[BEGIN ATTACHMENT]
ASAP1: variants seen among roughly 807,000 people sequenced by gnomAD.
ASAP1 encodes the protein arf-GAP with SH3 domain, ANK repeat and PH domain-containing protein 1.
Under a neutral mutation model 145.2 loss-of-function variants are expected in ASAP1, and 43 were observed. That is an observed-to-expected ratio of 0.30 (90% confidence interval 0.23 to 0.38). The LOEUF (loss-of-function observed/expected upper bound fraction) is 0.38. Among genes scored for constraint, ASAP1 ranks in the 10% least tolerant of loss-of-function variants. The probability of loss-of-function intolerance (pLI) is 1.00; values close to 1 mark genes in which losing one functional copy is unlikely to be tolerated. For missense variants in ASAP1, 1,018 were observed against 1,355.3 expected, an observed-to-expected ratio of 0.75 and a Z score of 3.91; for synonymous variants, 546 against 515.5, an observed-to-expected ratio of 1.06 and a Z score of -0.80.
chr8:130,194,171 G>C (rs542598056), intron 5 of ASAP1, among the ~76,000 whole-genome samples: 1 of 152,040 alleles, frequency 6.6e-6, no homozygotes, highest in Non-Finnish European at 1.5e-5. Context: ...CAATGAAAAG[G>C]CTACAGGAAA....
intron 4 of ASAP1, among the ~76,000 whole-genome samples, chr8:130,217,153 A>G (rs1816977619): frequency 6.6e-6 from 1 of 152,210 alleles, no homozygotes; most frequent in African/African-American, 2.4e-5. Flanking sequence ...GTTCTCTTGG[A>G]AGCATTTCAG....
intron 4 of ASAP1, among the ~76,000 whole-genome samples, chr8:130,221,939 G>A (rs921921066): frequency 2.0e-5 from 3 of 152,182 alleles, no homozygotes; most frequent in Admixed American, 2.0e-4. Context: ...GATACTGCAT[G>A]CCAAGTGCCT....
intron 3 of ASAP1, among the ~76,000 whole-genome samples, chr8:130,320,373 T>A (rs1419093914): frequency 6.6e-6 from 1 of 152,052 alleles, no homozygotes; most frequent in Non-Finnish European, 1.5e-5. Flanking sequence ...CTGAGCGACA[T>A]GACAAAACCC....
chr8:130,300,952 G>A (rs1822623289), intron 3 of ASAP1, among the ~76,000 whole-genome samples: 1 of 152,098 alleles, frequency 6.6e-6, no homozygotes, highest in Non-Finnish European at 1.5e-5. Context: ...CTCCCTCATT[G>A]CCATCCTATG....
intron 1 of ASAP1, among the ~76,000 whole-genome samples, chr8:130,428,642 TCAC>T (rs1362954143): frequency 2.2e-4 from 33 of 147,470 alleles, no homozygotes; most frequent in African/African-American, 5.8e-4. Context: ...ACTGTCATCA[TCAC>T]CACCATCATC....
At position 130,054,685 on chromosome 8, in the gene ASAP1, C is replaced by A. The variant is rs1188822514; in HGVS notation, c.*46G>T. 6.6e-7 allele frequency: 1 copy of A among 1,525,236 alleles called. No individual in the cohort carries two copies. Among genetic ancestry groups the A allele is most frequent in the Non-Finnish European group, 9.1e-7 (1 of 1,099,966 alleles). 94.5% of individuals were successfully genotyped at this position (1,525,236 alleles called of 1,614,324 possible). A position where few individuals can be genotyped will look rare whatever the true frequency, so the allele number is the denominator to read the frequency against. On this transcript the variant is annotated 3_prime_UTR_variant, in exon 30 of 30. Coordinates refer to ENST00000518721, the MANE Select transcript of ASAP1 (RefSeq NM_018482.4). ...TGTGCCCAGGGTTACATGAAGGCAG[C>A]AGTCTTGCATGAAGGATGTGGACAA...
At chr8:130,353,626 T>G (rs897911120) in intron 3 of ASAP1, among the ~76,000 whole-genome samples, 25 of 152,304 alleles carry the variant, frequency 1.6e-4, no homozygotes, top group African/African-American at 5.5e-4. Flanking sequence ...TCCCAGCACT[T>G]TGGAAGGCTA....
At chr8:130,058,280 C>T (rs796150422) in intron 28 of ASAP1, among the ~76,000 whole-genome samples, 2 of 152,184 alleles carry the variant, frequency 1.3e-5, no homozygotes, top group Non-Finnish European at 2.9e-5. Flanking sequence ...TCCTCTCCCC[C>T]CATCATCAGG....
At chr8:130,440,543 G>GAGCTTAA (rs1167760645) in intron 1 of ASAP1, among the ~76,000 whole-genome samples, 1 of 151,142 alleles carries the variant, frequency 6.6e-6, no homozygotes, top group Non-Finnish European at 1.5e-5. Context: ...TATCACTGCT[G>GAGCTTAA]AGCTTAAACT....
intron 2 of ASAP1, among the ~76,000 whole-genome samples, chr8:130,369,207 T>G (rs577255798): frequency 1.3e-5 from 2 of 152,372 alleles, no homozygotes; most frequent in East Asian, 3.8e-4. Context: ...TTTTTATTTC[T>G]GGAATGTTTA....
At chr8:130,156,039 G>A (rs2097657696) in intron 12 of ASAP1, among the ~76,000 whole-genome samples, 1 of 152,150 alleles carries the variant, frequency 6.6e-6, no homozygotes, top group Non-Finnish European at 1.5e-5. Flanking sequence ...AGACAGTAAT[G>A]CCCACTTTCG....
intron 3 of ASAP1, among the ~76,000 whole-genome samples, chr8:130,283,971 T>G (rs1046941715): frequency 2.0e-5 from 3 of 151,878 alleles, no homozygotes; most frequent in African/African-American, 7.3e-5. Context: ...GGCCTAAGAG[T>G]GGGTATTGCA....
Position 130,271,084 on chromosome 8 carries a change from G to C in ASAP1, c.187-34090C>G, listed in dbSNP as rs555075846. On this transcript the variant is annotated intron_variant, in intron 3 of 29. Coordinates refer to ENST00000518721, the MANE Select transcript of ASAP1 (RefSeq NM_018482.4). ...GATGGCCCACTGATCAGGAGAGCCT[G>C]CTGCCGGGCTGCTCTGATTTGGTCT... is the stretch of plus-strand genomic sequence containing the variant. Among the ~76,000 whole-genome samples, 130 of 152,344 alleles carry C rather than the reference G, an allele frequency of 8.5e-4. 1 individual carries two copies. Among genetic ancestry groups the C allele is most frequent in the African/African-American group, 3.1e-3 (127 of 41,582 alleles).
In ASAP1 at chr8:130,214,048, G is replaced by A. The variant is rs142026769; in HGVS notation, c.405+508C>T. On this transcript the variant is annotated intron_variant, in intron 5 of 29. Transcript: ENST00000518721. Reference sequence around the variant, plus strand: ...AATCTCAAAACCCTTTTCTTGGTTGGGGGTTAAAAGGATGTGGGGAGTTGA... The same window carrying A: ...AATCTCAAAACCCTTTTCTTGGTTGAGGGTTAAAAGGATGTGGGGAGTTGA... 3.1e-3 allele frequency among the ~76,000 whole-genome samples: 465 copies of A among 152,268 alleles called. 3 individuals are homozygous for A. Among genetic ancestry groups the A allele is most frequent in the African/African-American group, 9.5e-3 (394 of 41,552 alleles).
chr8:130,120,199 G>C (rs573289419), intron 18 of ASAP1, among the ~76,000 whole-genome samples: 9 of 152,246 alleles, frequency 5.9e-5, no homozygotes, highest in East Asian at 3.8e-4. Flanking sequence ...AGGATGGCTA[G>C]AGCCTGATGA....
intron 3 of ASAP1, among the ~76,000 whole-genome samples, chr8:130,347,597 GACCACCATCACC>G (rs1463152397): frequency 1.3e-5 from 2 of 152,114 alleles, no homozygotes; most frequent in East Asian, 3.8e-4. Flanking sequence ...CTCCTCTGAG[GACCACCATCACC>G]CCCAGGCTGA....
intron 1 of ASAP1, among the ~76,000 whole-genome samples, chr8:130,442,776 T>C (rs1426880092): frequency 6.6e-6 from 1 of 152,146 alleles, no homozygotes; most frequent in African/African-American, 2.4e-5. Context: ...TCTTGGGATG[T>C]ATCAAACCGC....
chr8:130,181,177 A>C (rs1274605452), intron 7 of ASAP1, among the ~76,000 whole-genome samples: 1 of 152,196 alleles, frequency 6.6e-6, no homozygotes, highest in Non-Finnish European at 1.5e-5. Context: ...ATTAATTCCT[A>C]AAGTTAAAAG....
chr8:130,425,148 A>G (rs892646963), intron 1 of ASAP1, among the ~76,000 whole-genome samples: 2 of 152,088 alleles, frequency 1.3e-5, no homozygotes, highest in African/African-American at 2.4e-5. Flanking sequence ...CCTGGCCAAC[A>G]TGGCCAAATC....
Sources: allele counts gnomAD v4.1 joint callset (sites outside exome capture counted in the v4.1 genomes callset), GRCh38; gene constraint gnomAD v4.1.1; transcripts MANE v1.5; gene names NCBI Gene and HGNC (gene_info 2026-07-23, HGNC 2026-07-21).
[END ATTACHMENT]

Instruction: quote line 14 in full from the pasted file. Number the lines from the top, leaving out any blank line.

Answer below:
intron 2 of ASAP1, among the ~76,000 whole-genome samples, chr8:130,369,207 T>G (rs577255798): frequency 1.3e-5 from 2 of 152,372 alleles, no homozygotes; most frequent in East Asian, 3.8e-4. Context: ...TTTTTATTTC[T>G]GGAATGTTTA....